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Lightning, if it has it's own meter then it's a service and 230 applies and the articles of 250 accordingly. If it's being fed from the load side of the service disconnecting means then you basically have a branch circuit/feeder and article 225 appplies and any relating articles. If you need additional info just ask.
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Old 07-05-2008, 08:00 PM   #6
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I agree with nap, such a basic question leads me to believe were dealing with a handyman or a maintenance guy who to inexperienced to working by himself. But at least he's asking questions. The answer is 4 2+2=4
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Old 07-05-2008, 08:14 PM   #7
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5 posts, 6 now and only one with an answer. That's why I love this forum. You have a feeder and you need to have ground rod(s) driven at the location and your neutrals and grounds seperated. All this after I read it 3-4 times, Jose' is kickin me arse tonight.
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Old 07-05-2008, 08:33 PM   #8
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1st, welcome to the forum.

Quote:
Originally Posted by Lightning
The pavilion panel currently has an insulated neutral and a separate ground wire back to the meter base/panel. I have another contractor telling me that he thinks that has changed and I need to bond in both places but my understanding is that the bonding always takes place at the first source of disconnect which would be the meter base/panel. This has been reaffirmed by previous electrical inspectors when I have installed subpanels in other instances.
The other contractor is incorrect. Although you will need another grounding electrode system, due to this being a separate structure, you will not rebond the neutral.


Generally a "junior member" is someone with under 30 posts. A "member" has 30 to 99 posts, and a "senior member" has 100 or more posts. You are able to use a custom user title. Nap, yours is accurate.
Quote:
Originally Posted by nap
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Old 07-05-2008, 08:40 PM   #9
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Quote:
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5 posts, 6 now and only one with an answer. That's why I love this forum.
fine; if he can explain why the section I highllighted has anything to do with his situation, I would gladly provide a complete answer, including the part he did not ask but is the "situation" I referred to in my original post that is incorrect.

Not trying to bust your balls wirenut; I do respect your knowldege but read the post again and think about what he is asking. Then ask yourself; would anybody that does this for a living actually post the question he did and add the the clarifiactions and reasoning he did.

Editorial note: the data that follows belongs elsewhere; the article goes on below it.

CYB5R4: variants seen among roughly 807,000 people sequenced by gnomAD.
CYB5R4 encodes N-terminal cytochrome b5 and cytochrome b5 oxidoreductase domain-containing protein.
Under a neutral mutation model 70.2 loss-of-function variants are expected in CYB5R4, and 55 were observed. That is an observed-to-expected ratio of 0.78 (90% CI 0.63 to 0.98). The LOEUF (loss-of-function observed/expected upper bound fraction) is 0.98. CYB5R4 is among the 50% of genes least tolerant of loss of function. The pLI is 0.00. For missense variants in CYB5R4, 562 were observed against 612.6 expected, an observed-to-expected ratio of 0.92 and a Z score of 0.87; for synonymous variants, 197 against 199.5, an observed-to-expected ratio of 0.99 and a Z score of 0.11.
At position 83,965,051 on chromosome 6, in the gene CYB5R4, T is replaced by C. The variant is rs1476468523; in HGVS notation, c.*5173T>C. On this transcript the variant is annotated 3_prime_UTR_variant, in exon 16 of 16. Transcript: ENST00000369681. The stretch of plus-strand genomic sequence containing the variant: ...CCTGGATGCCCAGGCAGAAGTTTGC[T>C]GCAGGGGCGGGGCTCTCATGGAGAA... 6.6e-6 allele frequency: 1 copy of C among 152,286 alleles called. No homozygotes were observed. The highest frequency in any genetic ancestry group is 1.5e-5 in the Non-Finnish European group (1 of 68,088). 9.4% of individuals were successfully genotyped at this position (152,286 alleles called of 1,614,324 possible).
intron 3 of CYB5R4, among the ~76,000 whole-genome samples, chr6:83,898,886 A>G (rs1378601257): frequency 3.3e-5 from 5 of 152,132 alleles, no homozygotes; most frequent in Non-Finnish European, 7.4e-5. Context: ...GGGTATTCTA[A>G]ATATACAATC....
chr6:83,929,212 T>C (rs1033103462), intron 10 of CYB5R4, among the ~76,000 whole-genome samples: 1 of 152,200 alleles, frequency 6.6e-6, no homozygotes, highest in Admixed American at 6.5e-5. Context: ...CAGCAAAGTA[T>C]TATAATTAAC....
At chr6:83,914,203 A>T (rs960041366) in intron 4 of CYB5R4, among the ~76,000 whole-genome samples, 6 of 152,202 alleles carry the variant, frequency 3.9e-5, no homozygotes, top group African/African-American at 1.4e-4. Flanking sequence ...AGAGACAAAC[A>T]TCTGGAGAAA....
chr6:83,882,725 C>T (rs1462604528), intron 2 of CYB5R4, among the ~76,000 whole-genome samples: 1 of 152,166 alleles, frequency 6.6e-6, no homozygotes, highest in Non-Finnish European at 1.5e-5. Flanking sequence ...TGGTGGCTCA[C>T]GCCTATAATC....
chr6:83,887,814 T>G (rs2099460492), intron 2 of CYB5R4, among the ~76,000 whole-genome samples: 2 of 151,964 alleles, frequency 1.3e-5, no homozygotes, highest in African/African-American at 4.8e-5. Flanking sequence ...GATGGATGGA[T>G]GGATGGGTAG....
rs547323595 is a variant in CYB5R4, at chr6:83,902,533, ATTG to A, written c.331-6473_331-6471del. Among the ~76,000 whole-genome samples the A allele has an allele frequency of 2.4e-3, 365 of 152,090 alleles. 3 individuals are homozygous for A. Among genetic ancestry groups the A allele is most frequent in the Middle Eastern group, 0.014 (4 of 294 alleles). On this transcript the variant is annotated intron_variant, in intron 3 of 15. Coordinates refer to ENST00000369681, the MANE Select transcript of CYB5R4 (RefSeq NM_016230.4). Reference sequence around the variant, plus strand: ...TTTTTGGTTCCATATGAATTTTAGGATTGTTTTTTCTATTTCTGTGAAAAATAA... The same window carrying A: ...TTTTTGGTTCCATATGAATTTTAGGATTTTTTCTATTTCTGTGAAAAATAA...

You should also realize the part I am referring to when I say he has another problem that he does not realize. You eluded to the reasoning in your post as to why his install is not legal as is, irrespective of the grounding situation.

Obviously, I'm not a mod and have no control over this forum but I believe it is the duty of the members to uphold the intent and rules of the forum lest it become not a electrician pro forum but simply an extension of the DIY chatroom where laymen are asked to post to.

Lightining:

Professional in this respect has nothing to do with:

Quote:
has a lot to do with how we present ourselves to others as well as how proficiently we do our work
In this context, it is only meant to refer to a person that is a professional electrician.

the term "senior member" unless they have changed things, is connected to those that have posted a specific amount. We do have the ability to alter that tag. By you altering that tag, it is a bit deceptive in itself as you are not a senior member and by claiming that position, I feel it is an attempt simply to deceive those here.

Quote:
Respectfully, I am not looking for your evaluation of my capabilities based upon the fact that I provided detailed information which you might consider worthless
It isn;'t that I feel it was worthless; on the contrary, it tells me youdo not understand the NEC and as a pro, are woefully untrained or simply not a pro.

Helping a non-pro is often more dangerous than not helping them. There are times when a person simply needs to admit they have no idea what they are doing and hire a pro to do it for them so they do not get killed.

I take my profession very seriously. I have been hurt before. I know others that have been injured very severly and have had local brothers that have died do to the profession we have chosen. I simply do not want to help somebody else kill themselves.

I would be very interested to hear what you have done to correct your problems as well as install what you have asked about.
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Old 07-05-2008, 08:45 PM   #10
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Nap, are you PWI?

A new member asks 2 questions, for clarification on a NEC change and you jump down his throat. This is the REASON for this forum, not for the edification of someone who thinks he knows it all.